Raincoats and umbrellas were the style Friday evening at the Hays Arts Council’s Spring Art Walk.
And the weather didn’t keep art lovers like Deborah Ludwig away.
“It’s just a little crisp,” she said. “It’s fine.”
Ludwig said she usually attends the seasonal art walks “to see all the great art that we have. This is such a wonderful event.”
The venues and the art offered were varied, from the traditional Hays Art Gallery display of the 47th annual Smoky Hill Art Exhibition to the music performance in Salon 1007 to the wheat weaving by Holly and Heidi Rupp in Hays Community Theater.
A FHSU Leadership 310 class and Jana’s Campaign used art to deliver a serious message in the former Good Book Store building on the corner of 11th and Main.
The group sponsored an exhibit “Express Love Over Violence,” which featured high school and FHSU student artwork and Victorian style Valentine’s shining a spotlight on gender-based violence.
Hays High School and La Crosse High School students also performed readings and skits, making people aware of domestic violence.
In another empty storefront venue, three FHSU art education students Melissa Williams, Schyler Edgren and Carson Kaiser were “inviting people to come in and paint a pre-sketched painting,” Williams said. “It’s going to be a mural and go into the new Child Advocacy Center, so we’re letting the community paint it the way they want. We provide the paint. They come in and have fun.”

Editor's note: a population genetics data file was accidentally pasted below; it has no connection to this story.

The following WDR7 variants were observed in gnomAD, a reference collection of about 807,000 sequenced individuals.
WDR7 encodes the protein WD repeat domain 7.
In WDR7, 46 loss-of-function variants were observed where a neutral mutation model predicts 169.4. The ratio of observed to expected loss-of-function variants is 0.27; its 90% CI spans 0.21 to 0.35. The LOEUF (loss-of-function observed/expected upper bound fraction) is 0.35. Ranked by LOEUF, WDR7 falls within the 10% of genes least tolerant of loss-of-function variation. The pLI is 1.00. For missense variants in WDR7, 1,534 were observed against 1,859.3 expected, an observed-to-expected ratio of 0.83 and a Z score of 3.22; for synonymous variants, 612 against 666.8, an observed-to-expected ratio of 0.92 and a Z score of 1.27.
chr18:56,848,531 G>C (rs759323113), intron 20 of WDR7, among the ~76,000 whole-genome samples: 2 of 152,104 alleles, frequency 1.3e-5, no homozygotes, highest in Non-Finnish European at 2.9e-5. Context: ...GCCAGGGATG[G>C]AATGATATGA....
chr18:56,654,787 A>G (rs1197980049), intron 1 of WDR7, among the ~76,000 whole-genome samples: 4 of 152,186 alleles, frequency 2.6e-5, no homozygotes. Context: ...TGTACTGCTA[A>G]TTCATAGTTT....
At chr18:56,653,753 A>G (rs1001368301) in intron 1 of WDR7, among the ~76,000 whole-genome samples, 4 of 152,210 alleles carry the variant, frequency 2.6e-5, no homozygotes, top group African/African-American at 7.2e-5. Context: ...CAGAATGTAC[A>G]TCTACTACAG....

The group was doing the project, which included a mural in the alley, for a class, Edgren said.
“We wanted to communicate with the community and with nature,” Kaiser said.
The Hays Community Theater wasn’t performing Friday evening, but it is putting on #johndoe, a play written by Hays resident Everett Robert. The last performance is this afternoon at 3 p.m.
In addition to the wheat weaving, the theater hosted artwork by Thomas More Prep-Marian High School art teacher Angie Pahls and some of her students.
Pahls said displaying her own artwork was a requirement of a class she’s taking at FHSU.
The name of the exhibition is D.K. Finding the Beauty in a Decaying World of Education.
“I came up with a theme of decaying, of the rust, and put it all together and associated it with fine arts being taken out of schools and how that sometimes gets taken out of the budget,” Pahls said.